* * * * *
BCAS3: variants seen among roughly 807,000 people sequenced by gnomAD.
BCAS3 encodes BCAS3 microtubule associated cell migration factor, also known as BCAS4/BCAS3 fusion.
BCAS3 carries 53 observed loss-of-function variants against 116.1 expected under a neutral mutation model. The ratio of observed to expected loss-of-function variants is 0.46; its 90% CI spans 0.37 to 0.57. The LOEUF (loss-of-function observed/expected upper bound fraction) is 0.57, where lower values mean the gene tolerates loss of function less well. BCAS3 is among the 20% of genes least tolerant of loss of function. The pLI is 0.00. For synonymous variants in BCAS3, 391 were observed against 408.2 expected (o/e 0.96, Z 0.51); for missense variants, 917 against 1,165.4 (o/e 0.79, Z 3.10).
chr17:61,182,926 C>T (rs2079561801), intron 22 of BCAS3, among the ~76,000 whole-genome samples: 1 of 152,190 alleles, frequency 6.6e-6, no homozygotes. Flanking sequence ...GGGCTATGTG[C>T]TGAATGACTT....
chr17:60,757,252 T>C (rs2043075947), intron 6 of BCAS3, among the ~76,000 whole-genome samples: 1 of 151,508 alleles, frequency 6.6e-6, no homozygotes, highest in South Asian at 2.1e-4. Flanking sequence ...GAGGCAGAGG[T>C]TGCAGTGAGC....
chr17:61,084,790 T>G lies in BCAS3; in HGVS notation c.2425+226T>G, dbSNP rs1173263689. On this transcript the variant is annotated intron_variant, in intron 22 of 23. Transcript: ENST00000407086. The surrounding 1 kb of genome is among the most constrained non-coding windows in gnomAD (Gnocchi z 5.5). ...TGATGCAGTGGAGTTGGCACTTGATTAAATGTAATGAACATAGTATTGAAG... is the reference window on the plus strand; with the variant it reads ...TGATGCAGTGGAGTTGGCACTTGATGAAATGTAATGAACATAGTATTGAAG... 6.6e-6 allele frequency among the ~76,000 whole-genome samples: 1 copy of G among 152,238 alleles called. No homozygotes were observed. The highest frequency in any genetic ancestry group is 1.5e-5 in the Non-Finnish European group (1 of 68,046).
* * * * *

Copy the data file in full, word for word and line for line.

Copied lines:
BCAS3: variants seen among roughly 807,000 people sequenced by gnomAD.
BCAS3 encodes BCAS3 microtubule associated cell migration factor, also known as BCAS4/BCAS3 fusion.
BCAS3 carries 53 observed loss-of-function variants against 116.1 expected under a neutral mutation model. The ratio of observed to expected loss-of-function variants is 0.46; its 90% CI spans 0.37 to 0.57. The LOEUF (loss-of-function observed/expected upper bound fraction) is 0.57, where lower values mean the gene tolerates loss of function less well. BCAS3 is among the 20% of genes least tolerant of loss of function. The pLI is 0.00. For synonymous variants in BCAS3, 391 were observed against 408.2 expected (o/e 0.96, Z 0.51); for missense variants, 917 against 1,165.4 (o/e 0.79, Z 3.10).
chr17:61,182,926 C>T (rs2079561801), intron 22 of BCAS3, among the ~76,000 whole-genome samples: 1 of 152,190 alleles, frequency 6.6e-6, no homozygotes. Flanking sequence ...GGGCTATGTG[C>T]TGAATGACTT....
chr17:60,757,252 T>C (rs2043075947), intron 6 of BCAS3, among the ~76,000 whole-genome samples: 1 of 151,508 alleles, frequency 6.6e-6, no homozygotes, highest in South Asian at 2.1e-4. Flanking sequence ...GAGGCAGAGG[T>C]TGCAGTGAGC....
chr17:61,084,790 T>G lies in BCAS3; in HGVS notation c.2425+226T>G, dbSNP rs1173263689. On this transcript the variant is annotated intron_variant, in intron 22 of 23. Transcript: ENST00000407086. The surrounding 1 kb of genome is among the most constrained non-coding windows in gnomAD (Gnocchi z 5.5). ...TGATGCAGTGGAGTTGGCACTTGATTAAATGTAATGAACATAGTATTGAAG... is the reference window on the plus strand; with the variant it reads ...TGATGCAGTGGAGTTGGCACTTGATGAAATGTAATGAACATAGTATTGAAG... 6.6e-6 allele frequency among the ~76,000 whole-genome samples: 1 copy of G among 152,238 alleles called. No homozygotes were observed. The highest frequency in any genetic ancestry group is 1.5e-5 in the Non-Finnish European group (1 of 68,046).